Chicago Tribune Advice Columnist Offers Guidance For Post-Divorce “Ghosting”
Nowadays almost everyone is familiar with the divorce process in general: a couple who is married decides that the marriage is no longer working, and will not work, and files in court to officially end the marriage by way of a court order. Simple enough in theory, but of course in practice a Chicago divorce, or any divorce for that matter, involves the challenges of figuring out things like who gets what marital property, who makes decisions about the kids, and who will get to take care of the family pet. Certainly, a divorce can be a very contentious and uphill battle, can take time and financial resources, and can be emotionally (and physically even) draining. The good news is that, like all legal cases, divorce cases do come to an end eventually. A court order setting forth the terms of dissolution of marriage is entered, and the parties can finally go their separate ways.
However, not all divorces also end the parties’ involvement in each other’s lives. When children, young or old, are involved, and grandchildren begin to enter into the picture, divorced spouses may find themselves at the same family functions – births, birthdays, funerals, Thanksgivings, and all the other holidays in between. When ex-spouses are brought together by happy and celebratory life events, how should they interact between themselves? Is ignoring an ex-spouse completely appropriate? This question was put forth to the Chicago Tribune’s advice columnist “Ask Amy”, and her advice may be surprising.
In late December, a Chicago reader named “Exed-Out” wrote to Ask Amy about a situation she was experiencing after her divorce from her husband. Exed-Out explained to Ask Amy that she and her ex-husband had a very difficult and “drawn-out” divorce, after eight years of an unhappy marriage. After their divorce, the exes moved on and went their separate ways, relocating to different parts of the country. However, Exed-Out explained, the former couple’s children are all now adults and life events force the ex-spouses to see each other at parties and gatherings, such as weddings and births. At these events, Exed-Out noted that her ex-husband “ghosts” her, meaning that he completely ignores her and acts as if she is not even there. In Exed-Out’s words, “He never greets me, never directs a word toward me or even looks at me.” Exed-Out proclaimed that she still sends him “birthday cards, emails and notes once in a while” and feels hurt about her ex-husband’s frosty demeanor towards her.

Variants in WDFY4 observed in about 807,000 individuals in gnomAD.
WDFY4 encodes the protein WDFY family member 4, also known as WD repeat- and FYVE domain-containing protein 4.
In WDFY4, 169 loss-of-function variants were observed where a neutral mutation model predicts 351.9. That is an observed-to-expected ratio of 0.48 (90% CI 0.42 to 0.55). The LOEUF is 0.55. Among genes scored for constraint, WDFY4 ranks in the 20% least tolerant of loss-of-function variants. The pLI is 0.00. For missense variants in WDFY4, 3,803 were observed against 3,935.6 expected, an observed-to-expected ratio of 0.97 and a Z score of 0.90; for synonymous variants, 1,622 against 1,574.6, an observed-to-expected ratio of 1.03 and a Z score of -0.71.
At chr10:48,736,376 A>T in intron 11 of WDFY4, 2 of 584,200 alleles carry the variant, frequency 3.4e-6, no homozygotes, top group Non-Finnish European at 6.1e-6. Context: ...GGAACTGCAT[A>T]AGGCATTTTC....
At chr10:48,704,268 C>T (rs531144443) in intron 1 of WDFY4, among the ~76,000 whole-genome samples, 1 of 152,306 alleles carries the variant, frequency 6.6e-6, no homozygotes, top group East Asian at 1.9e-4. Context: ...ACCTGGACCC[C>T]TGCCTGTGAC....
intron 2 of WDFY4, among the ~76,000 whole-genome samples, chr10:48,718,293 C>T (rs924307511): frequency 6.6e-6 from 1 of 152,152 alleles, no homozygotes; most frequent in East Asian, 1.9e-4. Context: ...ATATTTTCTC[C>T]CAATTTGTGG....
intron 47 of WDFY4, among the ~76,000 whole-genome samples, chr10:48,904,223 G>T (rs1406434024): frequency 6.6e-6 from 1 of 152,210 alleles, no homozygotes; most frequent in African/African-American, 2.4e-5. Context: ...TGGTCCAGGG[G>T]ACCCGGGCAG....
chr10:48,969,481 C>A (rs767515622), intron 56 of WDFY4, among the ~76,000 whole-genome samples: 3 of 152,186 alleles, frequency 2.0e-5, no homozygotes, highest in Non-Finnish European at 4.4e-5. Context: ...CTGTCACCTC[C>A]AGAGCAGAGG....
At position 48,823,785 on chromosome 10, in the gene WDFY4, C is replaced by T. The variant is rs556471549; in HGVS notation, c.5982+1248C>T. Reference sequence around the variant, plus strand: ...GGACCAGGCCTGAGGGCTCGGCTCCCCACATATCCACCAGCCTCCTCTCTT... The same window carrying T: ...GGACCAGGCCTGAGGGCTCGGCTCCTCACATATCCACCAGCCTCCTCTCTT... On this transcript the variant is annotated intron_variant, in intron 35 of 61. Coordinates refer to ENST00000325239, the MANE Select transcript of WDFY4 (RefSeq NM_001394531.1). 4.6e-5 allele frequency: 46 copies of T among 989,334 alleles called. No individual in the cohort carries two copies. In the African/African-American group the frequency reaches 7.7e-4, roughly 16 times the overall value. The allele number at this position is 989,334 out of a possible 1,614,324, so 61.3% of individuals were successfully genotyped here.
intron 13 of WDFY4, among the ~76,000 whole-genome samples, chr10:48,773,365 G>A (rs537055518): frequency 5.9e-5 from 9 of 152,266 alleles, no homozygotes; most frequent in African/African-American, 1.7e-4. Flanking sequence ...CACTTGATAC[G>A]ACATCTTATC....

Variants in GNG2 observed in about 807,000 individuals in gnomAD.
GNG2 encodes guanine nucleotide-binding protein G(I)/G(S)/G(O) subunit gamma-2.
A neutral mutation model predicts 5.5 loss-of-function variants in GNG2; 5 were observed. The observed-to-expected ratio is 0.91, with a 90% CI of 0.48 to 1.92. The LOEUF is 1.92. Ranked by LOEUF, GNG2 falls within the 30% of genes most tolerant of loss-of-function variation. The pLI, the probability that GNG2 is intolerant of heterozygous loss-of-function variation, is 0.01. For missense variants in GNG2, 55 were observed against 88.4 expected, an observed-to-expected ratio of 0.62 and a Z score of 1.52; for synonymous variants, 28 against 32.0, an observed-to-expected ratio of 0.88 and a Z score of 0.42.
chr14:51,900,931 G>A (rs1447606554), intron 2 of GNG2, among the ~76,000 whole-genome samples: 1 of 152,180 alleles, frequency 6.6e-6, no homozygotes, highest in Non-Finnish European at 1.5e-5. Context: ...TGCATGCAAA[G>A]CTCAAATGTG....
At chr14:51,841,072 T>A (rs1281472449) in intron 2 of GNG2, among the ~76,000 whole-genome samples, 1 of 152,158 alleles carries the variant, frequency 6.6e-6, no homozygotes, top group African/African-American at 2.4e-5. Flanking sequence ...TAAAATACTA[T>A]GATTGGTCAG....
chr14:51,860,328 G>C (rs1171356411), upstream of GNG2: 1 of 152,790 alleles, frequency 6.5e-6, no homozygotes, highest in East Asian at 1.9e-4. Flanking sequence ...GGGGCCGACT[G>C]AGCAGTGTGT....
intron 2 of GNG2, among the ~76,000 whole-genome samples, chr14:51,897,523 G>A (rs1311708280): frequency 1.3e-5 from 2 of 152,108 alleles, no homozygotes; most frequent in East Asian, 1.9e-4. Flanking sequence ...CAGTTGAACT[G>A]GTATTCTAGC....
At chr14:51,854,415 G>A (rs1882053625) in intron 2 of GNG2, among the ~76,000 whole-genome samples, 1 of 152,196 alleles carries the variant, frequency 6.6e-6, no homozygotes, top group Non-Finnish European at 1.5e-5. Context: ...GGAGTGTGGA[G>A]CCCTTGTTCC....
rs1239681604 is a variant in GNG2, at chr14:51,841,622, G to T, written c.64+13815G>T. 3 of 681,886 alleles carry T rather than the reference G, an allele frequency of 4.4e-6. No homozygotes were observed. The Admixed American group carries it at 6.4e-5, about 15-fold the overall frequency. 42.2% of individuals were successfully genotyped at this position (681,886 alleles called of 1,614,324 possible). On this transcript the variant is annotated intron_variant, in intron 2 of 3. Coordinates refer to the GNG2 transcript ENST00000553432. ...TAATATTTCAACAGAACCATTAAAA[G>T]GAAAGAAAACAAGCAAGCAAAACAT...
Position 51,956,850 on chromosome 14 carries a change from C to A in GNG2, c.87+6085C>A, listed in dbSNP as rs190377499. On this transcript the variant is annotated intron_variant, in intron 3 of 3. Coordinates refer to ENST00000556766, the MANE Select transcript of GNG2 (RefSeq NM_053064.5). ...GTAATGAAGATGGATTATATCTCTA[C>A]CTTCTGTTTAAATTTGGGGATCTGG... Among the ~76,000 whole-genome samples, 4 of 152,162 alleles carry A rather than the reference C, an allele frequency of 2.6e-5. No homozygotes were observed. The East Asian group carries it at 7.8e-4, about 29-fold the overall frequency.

Ask Amy’s response? Stop reaching out. In Ask Amy’s opinion, Exed-Out’s ex-husband is clearly not interested in a relationship any longer, and Exed-Out should, accordingly, stop making efforts. Although the “ghosting” is “extremely rude” at social functions, noted Ask Amy, ultimately, she advises that Exed-Out should attempt to share space at social functions with him, greet him, and behave neutrally. In short, Ask Amy says, “ignore him.”
Help with Your Chicago Divorce
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